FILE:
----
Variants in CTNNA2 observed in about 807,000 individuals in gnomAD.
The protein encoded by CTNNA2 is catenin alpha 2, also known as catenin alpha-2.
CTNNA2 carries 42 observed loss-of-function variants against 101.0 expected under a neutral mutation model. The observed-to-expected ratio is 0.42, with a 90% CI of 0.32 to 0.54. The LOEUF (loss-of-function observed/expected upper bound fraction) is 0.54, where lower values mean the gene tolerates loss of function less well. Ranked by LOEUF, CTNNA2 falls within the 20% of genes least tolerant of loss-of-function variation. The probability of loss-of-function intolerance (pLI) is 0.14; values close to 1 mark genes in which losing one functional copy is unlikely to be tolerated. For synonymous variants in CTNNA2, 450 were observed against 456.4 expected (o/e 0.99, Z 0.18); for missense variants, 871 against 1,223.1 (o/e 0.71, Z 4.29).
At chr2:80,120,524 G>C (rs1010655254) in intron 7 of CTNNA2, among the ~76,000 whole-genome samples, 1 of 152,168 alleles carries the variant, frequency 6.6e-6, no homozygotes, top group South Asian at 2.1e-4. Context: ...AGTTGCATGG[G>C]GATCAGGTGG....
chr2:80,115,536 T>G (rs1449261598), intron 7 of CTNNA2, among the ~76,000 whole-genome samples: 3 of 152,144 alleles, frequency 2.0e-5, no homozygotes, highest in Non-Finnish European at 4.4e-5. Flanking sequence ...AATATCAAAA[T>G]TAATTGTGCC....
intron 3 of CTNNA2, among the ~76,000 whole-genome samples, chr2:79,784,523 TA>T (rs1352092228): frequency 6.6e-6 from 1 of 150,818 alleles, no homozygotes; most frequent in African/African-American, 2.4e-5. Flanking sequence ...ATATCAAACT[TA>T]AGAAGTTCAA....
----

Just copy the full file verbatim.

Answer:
Variants in CTNNA2 observed in about 807,000 individuals in gnomAD.
The protein encoded by CTNNA2 is catenin alpha 2, also known as catenin alpha-2.
CTNNA2 carries 42 observed loss-of-function variants against 101.0 expected under a neutral mutation model. The observed-to-expected ratio is 0.42, with a 90% CI of 0.32 to 0.54. The LOEUF (loss-of-function observed/expected upper bound fraction) is 0.54, where lower values mean the gene tolerates loss of function less well. Ranked by LOEUF, CTNNA2 falls within the 20% of genes least tolerant of loss-of-function variation. The probability of loss-of-function intolerance (pLI) is 0.14; values close to 1 mark genes in which losing one functional copy is unlikely to be tolerated. For synonymous variants in CTNNA2, 450 were observed against 456.4 expected (o/e 0.99, Z 0.18); for missense variants, 871 against 1,223.1 (o/e 0.71, Z 4.29).
At chr2:80,120,524 G>C (rs1010655254) in intron 7 of CTNNA2, among the ~76,000 whole-genome samples, 1 of 152,168 alleles carries the variant, frequency 6.6e-6, no homozygotes, top group South Asian at 2.1e-4. Context: ...AGTTGCATGG[G>C]GATCAGGTGG....
chr2:80,115,536 T>G (rs1449261598), intron 7 of CTNNA2, among the ~76,000 whole-genome samples: 3 of 152,144 alleles, frequency 2.0e-5, no homozygotes, highest in Non-Finnish European at 4.4e-5. Flanking sequence ...AATATCAAAA[T>G]TAATTGTGCC....
intron 3 of CTNNA2, among the ~76,000 whole-genome samples, chr2:79,784,523 TA>T (rs1352092228): frequency 6.6e-6 from 1 of 150,818 alleles, no homozygotes; most frequent in African/African-American, 2.4e-5. Flanking sequence ...ATATCAAACT[TA>T]AGAAGTTCAA....